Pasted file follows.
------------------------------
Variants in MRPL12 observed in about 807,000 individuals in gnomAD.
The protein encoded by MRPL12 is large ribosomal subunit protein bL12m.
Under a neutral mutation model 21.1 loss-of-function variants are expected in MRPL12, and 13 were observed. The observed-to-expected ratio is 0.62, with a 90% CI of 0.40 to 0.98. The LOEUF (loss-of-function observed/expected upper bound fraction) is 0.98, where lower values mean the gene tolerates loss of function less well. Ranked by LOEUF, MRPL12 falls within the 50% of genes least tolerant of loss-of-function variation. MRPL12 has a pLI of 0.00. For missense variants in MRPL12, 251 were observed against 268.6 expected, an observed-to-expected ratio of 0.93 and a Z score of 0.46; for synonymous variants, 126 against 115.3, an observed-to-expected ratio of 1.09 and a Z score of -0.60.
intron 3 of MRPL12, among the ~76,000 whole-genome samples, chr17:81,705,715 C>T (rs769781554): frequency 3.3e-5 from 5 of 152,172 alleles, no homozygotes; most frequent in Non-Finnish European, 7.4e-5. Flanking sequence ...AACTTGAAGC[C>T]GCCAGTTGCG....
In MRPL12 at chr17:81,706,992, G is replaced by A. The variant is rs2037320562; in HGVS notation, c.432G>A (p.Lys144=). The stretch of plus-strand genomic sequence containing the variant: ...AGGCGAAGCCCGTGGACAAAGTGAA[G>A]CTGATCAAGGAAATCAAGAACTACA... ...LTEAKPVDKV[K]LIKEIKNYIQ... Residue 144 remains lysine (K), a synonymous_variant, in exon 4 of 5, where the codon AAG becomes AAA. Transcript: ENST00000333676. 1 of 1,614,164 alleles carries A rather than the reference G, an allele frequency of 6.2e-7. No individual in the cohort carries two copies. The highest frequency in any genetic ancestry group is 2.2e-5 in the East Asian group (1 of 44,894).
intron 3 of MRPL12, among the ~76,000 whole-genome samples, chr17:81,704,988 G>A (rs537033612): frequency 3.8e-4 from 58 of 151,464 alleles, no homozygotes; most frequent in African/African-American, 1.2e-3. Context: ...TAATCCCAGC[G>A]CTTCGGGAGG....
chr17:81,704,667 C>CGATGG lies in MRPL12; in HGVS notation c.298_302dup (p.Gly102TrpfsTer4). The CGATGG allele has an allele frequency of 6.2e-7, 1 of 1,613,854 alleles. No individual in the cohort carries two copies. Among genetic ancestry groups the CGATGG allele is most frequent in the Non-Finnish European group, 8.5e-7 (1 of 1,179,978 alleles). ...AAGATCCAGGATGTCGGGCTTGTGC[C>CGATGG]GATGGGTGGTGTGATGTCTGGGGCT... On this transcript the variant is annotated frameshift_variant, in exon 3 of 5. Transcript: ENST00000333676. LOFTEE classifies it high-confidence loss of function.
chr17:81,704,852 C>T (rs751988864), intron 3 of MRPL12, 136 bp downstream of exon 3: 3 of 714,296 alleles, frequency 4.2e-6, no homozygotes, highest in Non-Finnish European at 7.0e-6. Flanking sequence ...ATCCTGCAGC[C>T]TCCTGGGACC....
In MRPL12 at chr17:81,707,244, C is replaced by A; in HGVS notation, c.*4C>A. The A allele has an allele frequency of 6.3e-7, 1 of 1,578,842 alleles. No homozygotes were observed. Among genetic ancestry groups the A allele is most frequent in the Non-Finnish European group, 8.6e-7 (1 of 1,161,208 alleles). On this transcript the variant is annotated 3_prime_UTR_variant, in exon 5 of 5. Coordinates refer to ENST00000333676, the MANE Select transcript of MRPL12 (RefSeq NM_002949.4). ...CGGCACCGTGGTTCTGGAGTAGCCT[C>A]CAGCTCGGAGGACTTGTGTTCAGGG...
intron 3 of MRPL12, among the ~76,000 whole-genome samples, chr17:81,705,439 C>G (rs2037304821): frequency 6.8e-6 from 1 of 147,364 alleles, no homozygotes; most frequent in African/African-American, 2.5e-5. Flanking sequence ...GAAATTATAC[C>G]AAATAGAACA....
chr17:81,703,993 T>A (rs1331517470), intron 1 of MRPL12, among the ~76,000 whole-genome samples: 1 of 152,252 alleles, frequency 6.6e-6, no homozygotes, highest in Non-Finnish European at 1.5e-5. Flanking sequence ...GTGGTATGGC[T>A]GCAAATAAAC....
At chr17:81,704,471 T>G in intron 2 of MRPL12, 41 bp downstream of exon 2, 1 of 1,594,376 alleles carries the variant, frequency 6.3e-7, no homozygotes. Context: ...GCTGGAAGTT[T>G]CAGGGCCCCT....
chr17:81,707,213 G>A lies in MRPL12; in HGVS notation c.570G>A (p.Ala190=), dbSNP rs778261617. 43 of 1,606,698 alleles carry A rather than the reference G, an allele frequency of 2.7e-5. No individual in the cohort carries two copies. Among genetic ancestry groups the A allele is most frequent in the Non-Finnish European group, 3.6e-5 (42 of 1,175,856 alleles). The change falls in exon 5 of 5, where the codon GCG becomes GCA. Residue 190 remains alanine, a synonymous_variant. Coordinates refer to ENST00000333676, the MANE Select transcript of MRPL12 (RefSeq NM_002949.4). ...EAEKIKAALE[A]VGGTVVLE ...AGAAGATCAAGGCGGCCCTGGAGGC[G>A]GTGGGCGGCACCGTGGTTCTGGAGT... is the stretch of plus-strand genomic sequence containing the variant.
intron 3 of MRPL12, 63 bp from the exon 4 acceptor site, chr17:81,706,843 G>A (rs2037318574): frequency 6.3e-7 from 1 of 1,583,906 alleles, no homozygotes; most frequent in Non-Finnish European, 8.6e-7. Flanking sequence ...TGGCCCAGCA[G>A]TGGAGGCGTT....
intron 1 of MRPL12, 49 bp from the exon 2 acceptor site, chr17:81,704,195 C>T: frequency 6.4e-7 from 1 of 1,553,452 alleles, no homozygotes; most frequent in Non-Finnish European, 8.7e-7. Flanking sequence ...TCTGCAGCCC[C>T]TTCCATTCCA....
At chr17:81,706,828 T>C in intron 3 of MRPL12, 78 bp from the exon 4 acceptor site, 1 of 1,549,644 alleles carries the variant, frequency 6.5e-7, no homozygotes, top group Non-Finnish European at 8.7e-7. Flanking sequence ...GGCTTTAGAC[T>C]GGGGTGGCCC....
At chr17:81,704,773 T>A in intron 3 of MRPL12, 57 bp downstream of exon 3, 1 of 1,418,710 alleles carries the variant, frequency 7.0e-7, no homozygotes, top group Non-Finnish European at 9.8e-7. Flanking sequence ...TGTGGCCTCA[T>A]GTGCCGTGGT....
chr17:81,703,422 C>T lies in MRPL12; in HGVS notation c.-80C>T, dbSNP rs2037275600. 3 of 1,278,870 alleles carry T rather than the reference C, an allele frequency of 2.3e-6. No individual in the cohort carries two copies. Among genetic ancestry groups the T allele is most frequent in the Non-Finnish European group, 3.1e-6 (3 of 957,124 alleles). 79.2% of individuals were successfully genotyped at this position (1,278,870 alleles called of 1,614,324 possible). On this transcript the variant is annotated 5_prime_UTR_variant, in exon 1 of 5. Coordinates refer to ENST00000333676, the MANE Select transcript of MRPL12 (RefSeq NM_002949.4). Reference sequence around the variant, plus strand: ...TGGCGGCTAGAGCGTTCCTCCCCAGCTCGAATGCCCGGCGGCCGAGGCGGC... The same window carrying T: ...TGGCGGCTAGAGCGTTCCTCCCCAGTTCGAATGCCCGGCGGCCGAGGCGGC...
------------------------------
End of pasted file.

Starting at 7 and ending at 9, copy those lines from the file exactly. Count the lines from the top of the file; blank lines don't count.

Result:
chr17:81,704,667 C>CGATGG lies in MRPL12; in HGVS notation c.298_302dup (p.Gly102TrpfsTer4). The CGATGG allele has an allele frequency of 6.2e-7, 1 of 1,613,854 alleles. No individual in the cohort carries two copies. Among genetic ancestry groups the CGATGG allele is most frequent in the Non-Finnish European group, 8.5e-7 (1 of 1,179,978 alleles). ...AAGATCCAGGATGTCGGGCTTGTGC[C>CGATGG]GATGGGTGGTGTGATGTCTGGGGCT... On this transcript the variant is annotated frameshift_variant, in exon 3 of 5. Transcript: ENST00000333676. LOFTEE classifies it high-confidence loss of function.
chr17:81,704,852 C>T (rs751988864), intron 3 of MRPL12, 136 bp downstream of exon 3: 3 of 714,296 alleles, frequency 4.2e-6, no homozygotes, highest in Non-Finnish European at 7.0e-6. Flanking sequence ...ATCCTGCAGC[C>T]TCCTGGGACC....
In MRPL12 at chr17:81,707,244, C is replaced by A; in HGVS notation, c.*4C>A. The A allele has an allele frequency of 6.3e-7, 1 of 1,578,842 alleles. No homozygotes were observed. Among genetic ancestry groups the A allele is most frequent in the Non-Finnish European group, 8.6e-7 (1 of 1,161,208 alleles). On this transcript the variant is annotated 3_prime_UTR_variant, in exon 5 of 5. Coordinates refer to ENST00000333676, the MANE Select transcript of MRPL12 (RefSeq NM_002949.4). ...CGGCACCGTGGTTCTGGAGTAGCCT[C>A]CAGCTCGGAGGACTTGTGTTCAGGG...